Monday, May 4, 2009

Rare and beautiful - Crested Coralroot (Hexalectris spicata)

While vouchered specimens of this species have been found in many counties in the state of Florida, this species is rarely seen, as it blends in quite well with the surrounding forest, making it difficult to see until you are quite close. Then, the true beauty of these flowers is revealed. Each is a little over an inch wide and scented pleasingly of baby powder. I would consider this perhaps the second- or third-most attractive terrestrial orchid in the state of Florida (first is Cleistes bifaria, the Rosebud Orchid, which holds a special place in my heart as one of my first-observed native orchids).

The plants themselves bear no leaves, instead living in a mycotrophic relationship with fungi hosted (and consumed) in the coral-like roots. These fungi, in turn, send out mycelia throughout the soil and infect the roots of other plants, forming a network of nutrients funneled from one plant to another in a complex "nutrient highway" beneath the forest floor. While many orchids after the earliest seedling stage will bear leaves and begin to perform some of their own nutrient manufacture through photosynthesis, they never lose their fungal relationship entirely. The coralroots never grow beyond this earliest relationship, relying their entire lives on nutrients gathered from their fungi. Because of this delicate relationship, coralroots will die in short order if transplanted to another site.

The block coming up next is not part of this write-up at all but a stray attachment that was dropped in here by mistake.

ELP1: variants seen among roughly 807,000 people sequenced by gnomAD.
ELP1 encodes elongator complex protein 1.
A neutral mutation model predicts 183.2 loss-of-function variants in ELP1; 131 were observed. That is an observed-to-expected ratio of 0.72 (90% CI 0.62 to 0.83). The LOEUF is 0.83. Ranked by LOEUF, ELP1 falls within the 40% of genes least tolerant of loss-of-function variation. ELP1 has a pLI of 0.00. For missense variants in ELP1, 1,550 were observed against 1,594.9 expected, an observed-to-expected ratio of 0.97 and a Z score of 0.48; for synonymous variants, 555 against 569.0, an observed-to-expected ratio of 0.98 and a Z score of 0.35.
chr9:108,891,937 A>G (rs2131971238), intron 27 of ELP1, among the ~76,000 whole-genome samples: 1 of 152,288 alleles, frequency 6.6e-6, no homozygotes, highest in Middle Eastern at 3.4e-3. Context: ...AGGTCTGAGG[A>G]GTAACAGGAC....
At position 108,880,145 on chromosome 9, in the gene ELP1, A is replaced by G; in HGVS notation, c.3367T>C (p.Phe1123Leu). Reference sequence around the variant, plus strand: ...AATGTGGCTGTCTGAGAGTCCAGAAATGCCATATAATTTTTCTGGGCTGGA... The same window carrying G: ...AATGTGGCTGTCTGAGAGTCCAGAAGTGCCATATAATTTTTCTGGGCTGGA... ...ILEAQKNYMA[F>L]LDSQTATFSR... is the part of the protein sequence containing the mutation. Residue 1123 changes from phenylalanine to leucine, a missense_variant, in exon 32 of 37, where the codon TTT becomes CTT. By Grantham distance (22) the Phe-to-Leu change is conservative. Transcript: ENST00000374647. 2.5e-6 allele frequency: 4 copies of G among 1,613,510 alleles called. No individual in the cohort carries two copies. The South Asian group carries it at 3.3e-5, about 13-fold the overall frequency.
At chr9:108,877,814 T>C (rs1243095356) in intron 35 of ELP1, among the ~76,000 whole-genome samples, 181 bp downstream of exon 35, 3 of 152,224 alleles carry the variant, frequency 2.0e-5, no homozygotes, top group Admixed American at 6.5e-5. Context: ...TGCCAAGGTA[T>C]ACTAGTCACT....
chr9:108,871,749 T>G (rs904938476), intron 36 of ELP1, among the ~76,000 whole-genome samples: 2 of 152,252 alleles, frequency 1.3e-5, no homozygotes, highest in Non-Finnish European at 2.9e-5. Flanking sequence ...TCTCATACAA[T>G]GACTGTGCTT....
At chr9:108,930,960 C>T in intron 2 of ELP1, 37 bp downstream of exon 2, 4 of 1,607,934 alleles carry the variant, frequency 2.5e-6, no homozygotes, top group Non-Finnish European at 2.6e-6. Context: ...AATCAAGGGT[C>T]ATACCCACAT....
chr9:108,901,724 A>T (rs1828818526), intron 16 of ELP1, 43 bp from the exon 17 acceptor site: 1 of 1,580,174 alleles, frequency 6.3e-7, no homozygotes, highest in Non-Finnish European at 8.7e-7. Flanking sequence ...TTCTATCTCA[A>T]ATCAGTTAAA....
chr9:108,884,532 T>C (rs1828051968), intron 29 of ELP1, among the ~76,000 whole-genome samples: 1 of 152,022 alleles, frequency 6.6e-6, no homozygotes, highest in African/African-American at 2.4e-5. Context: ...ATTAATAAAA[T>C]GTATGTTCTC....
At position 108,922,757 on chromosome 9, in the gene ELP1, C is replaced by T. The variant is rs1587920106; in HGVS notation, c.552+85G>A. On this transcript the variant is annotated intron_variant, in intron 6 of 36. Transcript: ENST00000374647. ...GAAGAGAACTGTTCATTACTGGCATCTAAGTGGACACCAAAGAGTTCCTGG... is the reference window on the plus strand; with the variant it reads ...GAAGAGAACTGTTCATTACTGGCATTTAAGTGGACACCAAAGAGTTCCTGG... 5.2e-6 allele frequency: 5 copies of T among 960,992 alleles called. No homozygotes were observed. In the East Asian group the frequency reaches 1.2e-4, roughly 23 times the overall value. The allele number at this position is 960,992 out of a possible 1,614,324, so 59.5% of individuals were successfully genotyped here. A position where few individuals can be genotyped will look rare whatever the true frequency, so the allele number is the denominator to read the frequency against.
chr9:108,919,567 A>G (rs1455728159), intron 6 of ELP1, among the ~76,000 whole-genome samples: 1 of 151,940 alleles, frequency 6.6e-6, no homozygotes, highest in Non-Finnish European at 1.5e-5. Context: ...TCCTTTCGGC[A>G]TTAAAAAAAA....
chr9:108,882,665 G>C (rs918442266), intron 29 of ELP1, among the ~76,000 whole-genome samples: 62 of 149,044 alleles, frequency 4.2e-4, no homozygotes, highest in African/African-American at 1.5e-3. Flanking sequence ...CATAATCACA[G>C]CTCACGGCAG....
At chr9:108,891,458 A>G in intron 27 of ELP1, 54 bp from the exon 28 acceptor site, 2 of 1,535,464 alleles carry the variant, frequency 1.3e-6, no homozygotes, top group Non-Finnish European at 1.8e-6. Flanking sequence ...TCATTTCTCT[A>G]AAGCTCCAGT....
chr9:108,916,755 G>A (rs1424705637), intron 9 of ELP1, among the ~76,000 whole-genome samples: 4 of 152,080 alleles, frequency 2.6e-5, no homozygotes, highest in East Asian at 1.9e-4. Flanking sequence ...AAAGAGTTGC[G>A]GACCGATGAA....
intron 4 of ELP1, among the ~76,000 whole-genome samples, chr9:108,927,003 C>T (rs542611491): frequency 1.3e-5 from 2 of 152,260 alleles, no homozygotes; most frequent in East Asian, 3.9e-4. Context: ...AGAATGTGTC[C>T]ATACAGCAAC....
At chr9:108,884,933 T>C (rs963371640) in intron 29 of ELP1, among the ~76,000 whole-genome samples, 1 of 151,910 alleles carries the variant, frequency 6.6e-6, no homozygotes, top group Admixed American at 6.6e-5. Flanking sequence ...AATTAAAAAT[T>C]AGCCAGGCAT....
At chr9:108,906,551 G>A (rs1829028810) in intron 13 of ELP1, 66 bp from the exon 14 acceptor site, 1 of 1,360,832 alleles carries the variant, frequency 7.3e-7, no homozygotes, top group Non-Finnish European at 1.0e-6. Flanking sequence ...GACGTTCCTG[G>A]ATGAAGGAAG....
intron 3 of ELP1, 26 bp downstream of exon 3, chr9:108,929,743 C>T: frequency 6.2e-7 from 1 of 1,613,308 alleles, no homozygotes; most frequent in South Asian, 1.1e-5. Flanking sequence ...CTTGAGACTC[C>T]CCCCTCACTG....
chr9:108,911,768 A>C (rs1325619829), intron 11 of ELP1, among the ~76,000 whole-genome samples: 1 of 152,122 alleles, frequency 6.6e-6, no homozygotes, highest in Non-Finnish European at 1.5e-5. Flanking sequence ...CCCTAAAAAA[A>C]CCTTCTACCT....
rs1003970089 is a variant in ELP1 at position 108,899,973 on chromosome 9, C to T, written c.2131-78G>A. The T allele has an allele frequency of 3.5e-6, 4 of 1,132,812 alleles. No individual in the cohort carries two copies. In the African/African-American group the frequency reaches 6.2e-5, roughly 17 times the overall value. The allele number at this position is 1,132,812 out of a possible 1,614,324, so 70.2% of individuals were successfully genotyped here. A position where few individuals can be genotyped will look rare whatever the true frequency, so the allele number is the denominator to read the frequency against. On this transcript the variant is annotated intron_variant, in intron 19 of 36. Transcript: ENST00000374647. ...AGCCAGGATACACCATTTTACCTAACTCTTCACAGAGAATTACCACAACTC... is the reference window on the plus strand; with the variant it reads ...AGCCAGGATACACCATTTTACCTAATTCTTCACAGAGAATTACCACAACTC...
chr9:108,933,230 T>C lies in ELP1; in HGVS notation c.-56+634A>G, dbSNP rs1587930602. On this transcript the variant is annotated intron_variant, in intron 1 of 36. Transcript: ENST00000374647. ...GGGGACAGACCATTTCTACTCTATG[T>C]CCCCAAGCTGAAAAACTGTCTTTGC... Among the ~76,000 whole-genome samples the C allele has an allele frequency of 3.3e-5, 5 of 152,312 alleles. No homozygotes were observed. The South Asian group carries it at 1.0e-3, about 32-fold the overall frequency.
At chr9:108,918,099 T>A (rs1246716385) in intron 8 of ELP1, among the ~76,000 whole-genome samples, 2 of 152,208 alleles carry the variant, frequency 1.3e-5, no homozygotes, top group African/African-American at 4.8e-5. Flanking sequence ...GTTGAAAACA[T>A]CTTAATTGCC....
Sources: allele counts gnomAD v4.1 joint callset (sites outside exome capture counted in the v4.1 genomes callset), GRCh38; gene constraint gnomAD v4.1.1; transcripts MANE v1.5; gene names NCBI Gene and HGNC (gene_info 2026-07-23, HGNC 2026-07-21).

You can read more about this species on my website at:

>> The Hexalectris spicata profile page at Florida Native Orchids <<


1 comment:

Robert V. Sobczak said...

I stopped by a cypress dome yesterday, hoping to see resurrection fern in newly revived mode ... but not yet.

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